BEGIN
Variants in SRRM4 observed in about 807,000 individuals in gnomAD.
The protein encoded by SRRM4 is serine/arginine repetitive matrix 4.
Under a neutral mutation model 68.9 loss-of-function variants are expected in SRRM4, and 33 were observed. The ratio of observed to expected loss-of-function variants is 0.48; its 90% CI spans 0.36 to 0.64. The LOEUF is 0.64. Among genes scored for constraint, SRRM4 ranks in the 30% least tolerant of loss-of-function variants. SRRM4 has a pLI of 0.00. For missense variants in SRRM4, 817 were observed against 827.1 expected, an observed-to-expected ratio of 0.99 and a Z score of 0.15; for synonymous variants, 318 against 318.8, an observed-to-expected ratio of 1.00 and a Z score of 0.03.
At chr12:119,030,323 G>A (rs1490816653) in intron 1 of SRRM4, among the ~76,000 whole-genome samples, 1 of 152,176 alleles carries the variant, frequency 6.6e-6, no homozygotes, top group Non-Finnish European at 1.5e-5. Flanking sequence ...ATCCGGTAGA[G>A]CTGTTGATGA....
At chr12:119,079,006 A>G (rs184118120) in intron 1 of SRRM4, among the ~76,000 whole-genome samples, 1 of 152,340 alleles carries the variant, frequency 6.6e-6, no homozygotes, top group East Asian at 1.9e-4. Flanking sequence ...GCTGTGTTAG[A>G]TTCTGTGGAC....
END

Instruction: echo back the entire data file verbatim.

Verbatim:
Variants in SRRM4 observed in about 807,000 individuals in gnomAD.
The protein encoded by SRRM4 is serine/arginine repetitive matrix 4.
Under a neutral mutation model 68.9 loss-of-function variants are expected in SRRM4, and 33 were observed. The ratio of observed to expected loss-of-function variants is 0.48; its 90% CI spans 0.36 to 0.64. The LOEUF is 0.64. Among genes scored for constraint, SRRM4 ranks in the 30% least tolerant of loss-of-function variants. SRRM4 has a pLI of 0.00. For missense variants in SRRM4, 817 were observed against 827.1 expected, an observed-to-expected ratio of 0.99 and a Z score of 0.15; for synonymous variants, 318 against 318.8, an observed-to-expected ratio of 1.00 and a Z score of 0.03.
At chr12:119,030,323 G>A (rs1490816653) in intron 1 of SRRM4, among the ~76,000 whole-genome samples, 1 of 152,176 alleles carries the variant, frequency 6.6e-6, no homozygotes, top group Non-Finnish European at 1.5e-5. Flanking sequence ...ATCCGGTAGA[G>A]CTGTTGATGA....
At chr12:119,079,006 A>G (rs184118120) in intron 1 of SRRM4, among the ~76,000 whole-genome samples, 1 of 152,340 alleles carries the variant, frequency 6.6e-6, no homozygotes, top group East Asian at 1.9e-4. Flanking sequence ...GCTGTGTTAG[A>G]TTCTGTGGAC....